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Find the area between the curve $y={2\over x-1}-1$ and the $x$-axis over the interval $[2,4]$

Would this solve the question $\int_{2}^4( {2\over x-1}-1)dx$ ?

So...

$[2\ln(x-1)-x+c]_2^4$ would be incorrect because the curve would be below the x-axis for $3$ to $4$

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  • $\begingroup$ But be cautious, the function is negative on $(3, 4]$. $\endgroup$ – Zhanxiong Aug 11 '15 at 14:06
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    $\begingroup$ Hi stuart, I see you have already asked a few questions, most of which have received good answers. If you're satisfied with an answer, you can not only upvote it, but also accept it by using the little check mark right below the up- and downvote arrows. This lets whoever answered your question know that you are indeed satisfied with the answer, and it helps people spot questions which still need more attention. :) $\endgroup$ – Huy Aug 11 '15 at 14:11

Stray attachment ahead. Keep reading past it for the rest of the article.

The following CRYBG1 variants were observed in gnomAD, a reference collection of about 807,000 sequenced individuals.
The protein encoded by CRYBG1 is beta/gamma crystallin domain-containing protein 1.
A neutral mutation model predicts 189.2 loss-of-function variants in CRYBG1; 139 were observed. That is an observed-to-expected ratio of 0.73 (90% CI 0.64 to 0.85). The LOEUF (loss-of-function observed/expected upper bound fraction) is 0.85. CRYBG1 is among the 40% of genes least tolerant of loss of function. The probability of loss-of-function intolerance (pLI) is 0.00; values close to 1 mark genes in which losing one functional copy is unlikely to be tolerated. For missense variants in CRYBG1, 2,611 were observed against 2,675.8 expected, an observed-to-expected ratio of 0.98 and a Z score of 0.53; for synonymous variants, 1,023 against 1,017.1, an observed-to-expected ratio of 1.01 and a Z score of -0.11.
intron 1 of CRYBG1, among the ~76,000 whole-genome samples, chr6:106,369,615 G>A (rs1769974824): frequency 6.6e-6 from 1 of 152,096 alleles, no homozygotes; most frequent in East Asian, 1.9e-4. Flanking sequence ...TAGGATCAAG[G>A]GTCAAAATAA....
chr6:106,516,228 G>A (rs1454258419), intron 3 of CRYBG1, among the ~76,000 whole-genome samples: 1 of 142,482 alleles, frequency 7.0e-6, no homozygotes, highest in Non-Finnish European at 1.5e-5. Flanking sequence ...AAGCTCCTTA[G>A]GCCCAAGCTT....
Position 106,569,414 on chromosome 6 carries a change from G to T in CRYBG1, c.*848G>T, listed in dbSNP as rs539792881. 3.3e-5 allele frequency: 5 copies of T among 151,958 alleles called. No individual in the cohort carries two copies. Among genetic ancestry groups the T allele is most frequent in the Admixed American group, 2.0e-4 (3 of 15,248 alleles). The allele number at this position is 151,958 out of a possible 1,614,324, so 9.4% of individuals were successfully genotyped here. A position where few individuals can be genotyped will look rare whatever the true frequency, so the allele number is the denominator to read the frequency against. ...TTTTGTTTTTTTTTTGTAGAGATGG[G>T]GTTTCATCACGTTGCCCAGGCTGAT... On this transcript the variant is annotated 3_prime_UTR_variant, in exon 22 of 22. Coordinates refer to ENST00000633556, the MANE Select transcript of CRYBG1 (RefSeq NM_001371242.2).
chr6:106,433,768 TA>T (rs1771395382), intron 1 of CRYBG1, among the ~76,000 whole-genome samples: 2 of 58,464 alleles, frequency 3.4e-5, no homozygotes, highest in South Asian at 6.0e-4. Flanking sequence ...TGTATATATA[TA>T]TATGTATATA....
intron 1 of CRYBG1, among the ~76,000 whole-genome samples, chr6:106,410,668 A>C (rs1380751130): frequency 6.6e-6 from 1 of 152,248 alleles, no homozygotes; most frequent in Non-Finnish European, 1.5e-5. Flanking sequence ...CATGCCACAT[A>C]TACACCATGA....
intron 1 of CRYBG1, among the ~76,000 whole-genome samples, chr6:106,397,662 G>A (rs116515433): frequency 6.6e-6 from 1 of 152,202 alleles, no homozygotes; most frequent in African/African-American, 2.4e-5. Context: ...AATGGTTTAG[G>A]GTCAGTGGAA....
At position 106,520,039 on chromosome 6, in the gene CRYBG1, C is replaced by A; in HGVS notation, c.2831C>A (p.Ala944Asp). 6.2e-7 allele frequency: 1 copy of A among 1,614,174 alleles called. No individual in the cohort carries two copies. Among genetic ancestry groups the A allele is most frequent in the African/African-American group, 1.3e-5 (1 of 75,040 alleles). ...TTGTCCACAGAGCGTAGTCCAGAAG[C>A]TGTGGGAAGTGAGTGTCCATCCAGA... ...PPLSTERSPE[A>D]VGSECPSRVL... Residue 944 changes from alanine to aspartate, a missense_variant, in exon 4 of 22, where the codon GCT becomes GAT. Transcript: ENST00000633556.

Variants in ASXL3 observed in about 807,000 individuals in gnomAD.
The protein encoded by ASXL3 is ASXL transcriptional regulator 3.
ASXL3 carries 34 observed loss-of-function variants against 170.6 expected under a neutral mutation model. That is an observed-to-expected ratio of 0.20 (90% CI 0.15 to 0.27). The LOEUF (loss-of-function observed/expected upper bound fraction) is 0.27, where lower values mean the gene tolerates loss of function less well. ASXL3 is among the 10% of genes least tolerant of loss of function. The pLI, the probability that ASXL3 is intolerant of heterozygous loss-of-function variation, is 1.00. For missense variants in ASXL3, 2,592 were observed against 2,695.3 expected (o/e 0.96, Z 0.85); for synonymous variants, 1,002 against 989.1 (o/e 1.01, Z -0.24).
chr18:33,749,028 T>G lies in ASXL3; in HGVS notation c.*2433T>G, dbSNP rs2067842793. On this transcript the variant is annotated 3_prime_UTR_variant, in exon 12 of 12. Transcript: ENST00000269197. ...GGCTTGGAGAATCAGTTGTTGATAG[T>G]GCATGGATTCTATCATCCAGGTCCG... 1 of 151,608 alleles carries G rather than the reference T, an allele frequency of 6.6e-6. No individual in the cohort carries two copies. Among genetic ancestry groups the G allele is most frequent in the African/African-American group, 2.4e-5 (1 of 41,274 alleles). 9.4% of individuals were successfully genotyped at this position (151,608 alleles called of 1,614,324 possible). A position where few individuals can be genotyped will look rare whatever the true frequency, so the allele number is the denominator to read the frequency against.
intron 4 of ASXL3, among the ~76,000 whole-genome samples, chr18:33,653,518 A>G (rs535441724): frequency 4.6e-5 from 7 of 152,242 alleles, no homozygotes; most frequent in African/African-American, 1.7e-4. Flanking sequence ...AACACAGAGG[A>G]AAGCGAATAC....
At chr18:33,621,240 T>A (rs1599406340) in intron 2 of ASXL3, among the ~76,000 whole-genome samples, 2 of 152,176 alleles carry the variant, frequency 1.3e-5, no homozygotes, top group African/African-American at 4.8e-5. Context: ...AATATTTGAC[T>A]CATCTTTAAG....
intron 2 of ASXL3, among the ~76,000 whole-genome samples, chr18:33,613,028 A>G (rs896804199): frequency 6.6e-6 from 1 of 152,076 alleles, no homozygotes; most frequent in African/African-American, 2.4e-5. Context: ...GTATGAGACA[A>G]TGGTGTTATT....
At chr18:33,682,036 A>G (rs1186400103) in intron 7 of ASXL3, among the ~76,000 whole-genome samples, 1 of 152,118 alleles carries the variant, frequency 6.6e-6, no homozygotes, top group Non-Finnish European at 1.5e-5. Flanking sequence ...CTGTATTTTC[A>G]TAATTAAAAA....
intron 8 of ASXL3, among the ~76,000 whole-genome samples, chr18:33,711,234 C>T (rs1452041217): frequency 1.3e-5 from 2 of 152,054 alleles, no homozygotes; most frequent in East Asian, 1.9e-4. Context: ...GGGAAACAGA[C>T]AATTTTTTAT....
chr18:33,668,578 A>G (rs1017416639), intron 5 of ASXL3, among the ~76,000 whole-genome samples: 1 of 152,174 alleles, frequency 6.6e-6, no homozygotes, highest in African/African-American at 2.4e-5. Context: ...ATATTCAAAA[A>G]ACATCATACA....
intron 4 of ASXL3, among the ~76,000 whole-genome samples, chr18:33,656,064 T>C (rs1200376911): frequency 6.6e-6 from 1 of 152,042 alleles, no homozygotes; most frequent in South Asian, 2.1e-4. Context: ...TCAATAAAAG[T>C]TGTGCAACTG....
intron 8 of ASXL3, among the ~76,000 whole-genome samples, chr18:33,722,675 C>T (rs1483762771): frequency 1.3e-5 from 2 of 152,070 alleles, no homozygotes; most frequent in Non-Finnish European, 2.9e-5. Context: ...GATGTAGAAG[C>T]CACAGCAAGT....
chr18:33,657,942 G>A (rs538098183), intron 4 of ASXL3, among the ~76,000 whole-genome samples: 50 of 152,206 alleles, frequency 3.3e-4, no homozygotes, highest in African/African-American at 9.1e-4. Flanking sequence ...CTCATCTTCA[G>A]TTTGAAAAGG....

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$$\int_{2}^4 \bigg({2\over x-1}-1\bigg)dx$$

Yes it will, you are right

$$=\underbrace{\int_{x=2}^{x=3}\int_{y=0}^{y=\frac{2}{x-1}}\,dy\,dx}_{=\ln(4)}-\underbrace{\int_{x=3}^{x=4}\int_{y=\frac{2}{x-1}}^{y=0}\,dy\,dx}_{=-\ln\big(\frac 9 4\big)}$$

$$\boxed{\color{blue}{=\ln(4)+\ln\big(\frac 9 4\big)\approx0.575}}$$

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  • $\begingroup$ perhaps your limits $1\to 3$ in the first part are wrong you may check if you don't mind $\endgroup$ – Harish Chandra Rajpoot Aug 11 '15 at 14:16
  • $\begingroup$ it's correct, I will put more info $\endgroup$ – 3SAT Aug 11 '15 at 14:18
  • $\begingroup$ Direct integration on the whole interval is not correct. $\endgroup$ – Zhanxiong Aug 11 '15 at 14:20
  • $\begingroup$ Yes, it is correct $\endgroup$ – 3SAT Aug 11 '15 at 14:29
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As I mentioned in the comment, you should divide the interval $[2, 4]$ to two parts, \begin{align*}S = &\int_2^3\left(\frac{2}{x - 1} - 1\right) dx \;{\color{red} -}\int_3^4\left(\frac{2}{x - 1} - 1\right)dx \\ = & \left[2\log(3 - 1) - 2\log(2 - 1) - 1\right] - \left[2\log(4 - 1) - 2\log(3 - 1) - 1\right] \\ = & 4\log 2 - 2\log 3. \end{align*}

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Essentially finding the area under in the curve is integrating. So in short, yes, that would solve the question.

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